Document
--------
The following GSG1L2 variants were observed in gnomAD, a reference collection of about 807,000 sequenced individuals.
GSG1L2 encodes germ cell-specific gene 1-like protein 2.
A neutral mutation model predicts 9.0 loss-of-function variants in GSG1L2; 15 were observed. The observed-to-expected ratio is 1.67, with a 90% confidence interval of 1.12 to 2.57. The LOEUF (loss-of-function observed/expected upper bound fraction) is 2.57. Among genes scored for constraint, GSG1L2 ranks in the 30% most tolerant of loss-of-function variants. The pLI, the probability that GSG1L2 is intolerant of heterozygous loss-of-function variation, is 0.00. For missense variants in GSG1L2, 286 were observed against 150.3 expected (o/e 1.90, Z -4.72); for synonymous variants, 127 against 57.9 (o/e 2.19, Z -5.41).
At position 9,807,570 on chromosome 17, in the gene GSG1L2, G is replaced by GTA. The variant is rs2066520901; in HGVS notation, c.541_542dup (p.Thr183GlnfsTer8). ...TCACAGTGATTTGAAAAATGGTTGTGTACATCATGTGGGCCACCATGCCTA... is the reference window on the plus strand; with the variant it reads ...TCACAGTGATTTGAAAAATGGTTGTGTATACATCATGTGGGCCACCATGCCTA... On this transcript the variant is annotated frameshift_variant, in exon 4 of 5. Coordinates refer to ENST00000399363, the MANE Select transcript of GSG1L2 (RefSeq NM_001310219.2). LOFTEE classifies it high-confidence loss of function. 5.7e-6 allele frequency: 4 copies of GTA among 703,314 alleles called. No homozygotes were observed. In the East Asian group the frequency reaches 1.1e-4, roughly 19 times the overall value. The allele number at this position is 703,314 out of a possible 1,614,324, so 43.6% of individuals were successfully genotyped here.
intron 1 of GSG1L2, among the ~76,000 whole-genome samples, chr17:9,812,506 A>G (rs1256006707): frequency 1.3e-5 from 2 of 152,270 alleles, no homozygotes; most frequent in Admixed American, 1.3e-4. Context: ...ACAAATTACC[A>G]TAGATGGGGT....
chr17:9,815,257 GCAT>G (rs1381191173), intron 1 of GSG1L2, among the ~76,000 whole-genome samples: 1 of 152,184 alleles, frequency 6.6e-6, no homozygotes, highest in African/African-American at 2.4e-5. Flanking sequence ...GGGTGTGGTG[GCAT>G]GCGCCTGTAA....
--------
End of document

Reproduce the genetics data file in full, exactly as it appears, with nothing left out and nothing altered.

The following GSG1L2 variants were observed in gnomAD, a reference collection of about 807,000 sequenced individuals.
GSG1L2 encodes germ cell-specific gene 1-like protein 2.
A neutral mutation model predicts 9.0 loss-of-function variants in GSG1L2; 15 were observed. The observed-to-expected ratio is 1.67, with a 90% confidence interval of 1.12 to 2.57. The LOEUF (loss-of-function observed/expected upper bound fraction) is 2.57. Among genes scored for constraint, GSG1L2 ranks in the 30% most tolerant of loss-of-function variants. The pLI, the probability that GSG1L2 is intolerant of heterozygous loss-of-function variation, is 0.00. For missense variants in GSG1L2, 286 were observed against 150.3 expected (o/e 1.90, Z -4.72); for synonymous variants, 127 against 57.9 (o/e 2.19, Z -5.41).
At position 9,807,570 on chromosome 17, in the gene GSG1L2, G is replaced by GTA. The variant is rs2066520901; in HGVS notation, c.541_542dup (p.Thr183GlnfsTer8). ...TCACAGTGATTTGAAAAATGGTTGTGTACATCATGTGGGCCACCATGCCTA... is the reference window on the plus strand; with the variant it reads ...TCACAGTGATTTGAAAAATGGTTGTGTATACATCATGTGGGCCACCATGCCTA... On this transcript the variant is annotated frameshift_variant, in exon 4 of 5. Coordinates refer to ENST00000399363, the MANE Select transcript of GSG1L2 (RefSeq NM_001310219.2). LOFTEE classifies it high-confidence loss of function. 5.7e-6 allele frequency: 4 copies of GTA among 703,314 alleles called. No homozygotes were observed. In the East Asian group the frequency reaches 1.1e-4, roughly 19 times the overall value. The allele number at this position is 703,314 out of a possible 1,614,324, so 43.6% of individuals were successfully genotyped here.
intron 1 of GSG1L2, among the ~76,000 whole-genome samples, chr17:9,812,506 A>G (rs1256006707): frequency 1.3e-5 from 2 of 152,270 alleles, no homozygotes; most frequent in Admixed American, 1.3e-4. Context: ...ACAAATTACC[A>G]TAGATGGGGT....
chr17:9,815,257 GCAT>G (rs1381191173), intron 1 of GSG1L2, among the ~76,000 whole-genome samples: 1 of 152,184 alleles, frequency 6.6e-6, no homozygotes, highest in African/African-American at 2.4e-5. Flanking sequence ...GGGTGTGGTG[GCAT>G]GCGCCTGTAA....